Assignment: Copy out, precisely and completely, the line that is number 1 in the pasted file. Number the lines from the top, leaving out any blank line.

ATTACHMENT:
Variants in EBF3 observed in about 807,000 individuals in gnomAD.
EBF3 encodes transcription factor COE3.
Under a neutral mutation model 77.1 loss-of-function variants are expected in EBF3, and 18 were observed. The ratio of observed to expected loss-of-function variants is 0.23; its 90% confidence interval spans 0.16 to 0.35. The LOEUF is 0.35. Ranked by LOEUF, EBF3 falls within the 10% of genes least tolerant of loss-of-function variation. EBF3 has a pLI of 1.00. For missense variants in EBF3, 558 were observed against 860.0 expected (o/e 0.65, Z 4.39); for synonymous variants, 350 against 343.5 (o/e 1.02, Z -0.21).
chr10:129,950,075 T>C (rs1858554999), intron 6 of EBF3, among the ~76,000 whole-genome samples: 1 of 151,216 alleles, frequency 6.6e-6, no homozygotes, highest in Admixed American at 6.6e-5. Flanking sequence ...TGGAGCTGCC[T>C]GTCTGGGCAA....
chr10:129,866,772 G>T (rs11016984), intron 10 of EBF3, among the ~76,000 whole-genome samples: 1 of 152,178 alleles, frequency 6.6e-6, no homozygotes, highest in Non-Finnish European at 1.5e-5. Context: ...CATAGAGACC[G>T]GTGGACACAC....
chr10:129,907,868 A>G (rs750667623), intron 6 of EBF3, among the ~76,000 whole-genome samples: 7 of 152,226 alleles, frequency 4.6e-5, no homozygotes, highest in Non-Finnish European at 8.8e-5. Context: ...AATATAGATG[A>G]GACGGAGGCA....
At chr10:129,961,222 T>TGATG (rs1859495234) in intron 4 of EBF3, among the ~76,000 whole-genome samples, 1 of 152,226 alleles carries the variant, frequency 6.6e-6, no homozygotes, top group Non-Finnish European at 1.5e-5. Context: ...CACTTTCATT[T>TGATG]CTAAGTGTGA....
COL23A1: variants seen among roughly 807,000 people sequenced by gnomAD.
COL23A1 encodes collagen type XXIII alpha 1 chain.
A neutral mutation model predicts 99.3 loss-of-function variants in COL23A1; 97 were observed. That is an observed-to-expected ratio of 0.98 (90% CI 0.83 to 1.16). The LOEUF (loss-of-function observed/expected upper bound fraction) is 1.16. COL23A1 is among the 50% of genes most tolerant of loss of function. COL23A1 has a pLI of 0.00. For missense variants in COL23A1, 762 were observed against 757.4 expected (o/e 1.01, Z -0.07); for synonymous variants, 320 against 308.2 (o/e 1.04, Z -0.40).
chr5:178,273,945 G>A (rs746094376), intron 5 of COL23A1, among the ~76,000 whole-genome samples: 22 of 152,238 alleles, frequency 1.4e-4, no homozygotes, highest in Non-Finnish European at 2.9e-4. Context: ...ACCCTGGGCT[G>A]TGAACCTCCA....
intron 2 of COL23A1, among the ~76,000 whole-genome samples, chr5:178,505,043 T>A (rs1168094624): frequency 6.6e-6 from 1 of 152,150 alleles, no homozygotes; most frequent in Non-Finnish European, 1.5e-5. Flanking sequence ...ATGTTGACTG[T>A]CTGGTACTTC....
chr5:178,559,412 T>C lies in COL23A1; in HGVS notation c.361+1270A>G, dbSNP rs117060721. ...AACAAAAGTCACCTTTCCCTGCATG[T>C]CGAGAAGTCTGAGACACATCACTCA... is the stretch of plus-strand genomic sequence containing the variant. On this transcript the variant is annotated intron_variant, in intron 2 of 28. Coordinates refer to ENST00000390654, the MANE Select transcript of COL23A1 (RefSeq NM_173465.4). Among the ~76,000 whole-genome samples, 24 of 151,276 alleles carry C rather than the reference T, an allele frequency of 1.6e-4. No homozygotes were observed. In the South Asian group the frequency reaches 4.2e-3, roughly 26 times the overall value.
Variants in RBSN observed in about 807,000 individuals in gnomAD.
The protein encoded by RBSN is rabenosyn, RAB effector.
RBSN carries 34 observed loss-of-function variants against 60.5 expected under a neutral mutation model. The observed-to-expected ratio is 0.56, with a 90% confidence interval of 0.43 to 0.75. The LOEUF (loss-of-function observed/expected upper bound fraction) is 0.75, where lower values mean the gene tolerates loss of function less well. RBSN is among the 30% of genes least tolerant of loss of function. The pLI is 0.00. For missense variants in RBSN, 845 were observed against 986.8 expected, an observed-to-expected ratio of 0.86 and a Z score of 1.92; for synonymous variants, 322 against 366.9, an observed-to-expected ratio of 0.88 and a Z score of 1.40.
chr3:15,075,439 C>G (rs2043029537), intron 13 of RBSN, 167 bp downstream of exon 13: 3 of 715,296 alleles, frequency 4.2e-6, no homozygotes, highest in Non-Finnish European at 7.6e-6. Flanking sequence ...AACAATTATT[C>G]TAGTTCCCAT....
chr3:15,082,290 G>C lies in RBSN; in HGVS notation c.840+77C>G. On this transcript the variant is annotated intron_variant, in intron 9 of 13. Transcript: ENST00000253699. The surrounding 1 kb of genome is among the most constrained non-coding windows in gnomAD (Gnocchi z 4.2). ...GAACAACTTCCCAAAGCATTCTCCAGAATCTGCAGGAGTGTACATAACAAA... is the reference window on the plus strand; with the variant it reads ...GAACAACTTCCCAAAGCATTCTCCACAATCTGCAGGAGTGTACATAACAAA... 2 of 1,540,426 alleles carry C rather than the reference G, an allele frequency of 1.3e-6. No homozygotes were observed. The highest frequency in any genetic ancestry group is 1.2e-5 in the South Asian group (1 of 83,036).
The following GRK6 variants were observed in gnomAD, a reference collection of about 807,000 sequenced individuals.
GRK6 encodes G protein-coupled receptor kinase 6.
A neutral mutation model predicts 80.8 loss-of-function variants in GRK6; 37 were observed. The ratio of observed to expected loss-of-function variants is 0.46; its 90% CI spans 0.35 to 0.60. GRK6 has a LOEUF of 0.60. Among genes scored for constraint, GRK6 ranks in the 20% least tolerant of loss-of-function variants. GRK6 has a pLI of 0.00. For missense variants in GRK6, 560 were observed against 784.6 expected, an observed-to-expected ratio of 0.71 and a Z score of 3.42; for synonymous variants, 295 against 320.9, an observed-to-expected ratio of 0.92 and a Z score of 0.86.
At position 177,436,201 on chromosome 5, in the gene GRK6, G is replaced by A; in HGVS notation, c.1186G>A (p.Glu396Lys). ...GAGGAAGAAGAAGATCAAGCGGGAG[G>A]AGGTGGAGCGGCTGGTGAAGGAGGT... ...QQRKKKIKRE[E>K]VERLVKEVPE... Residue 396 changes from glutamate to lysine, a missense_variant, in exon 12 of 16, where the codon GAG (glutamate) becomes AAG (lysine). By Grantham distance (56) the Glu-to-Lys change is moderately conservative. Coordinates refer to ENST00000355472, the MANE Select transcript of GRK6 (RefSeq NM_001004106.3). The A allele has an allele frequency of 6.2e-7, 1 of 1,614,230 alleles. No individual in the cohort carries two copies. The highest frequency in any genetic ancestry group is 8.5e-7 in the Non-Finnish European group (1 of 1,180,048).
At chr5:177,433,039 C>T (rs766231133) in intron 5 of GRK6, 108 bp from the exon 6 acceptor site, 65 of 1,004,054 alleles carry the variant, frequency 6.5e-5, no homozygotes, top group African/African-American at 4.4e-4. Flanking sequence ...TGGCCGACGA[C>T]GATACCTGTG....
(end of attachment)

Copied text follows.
Variants in EBF3 observed in about 807,000 individuals in gnomAD.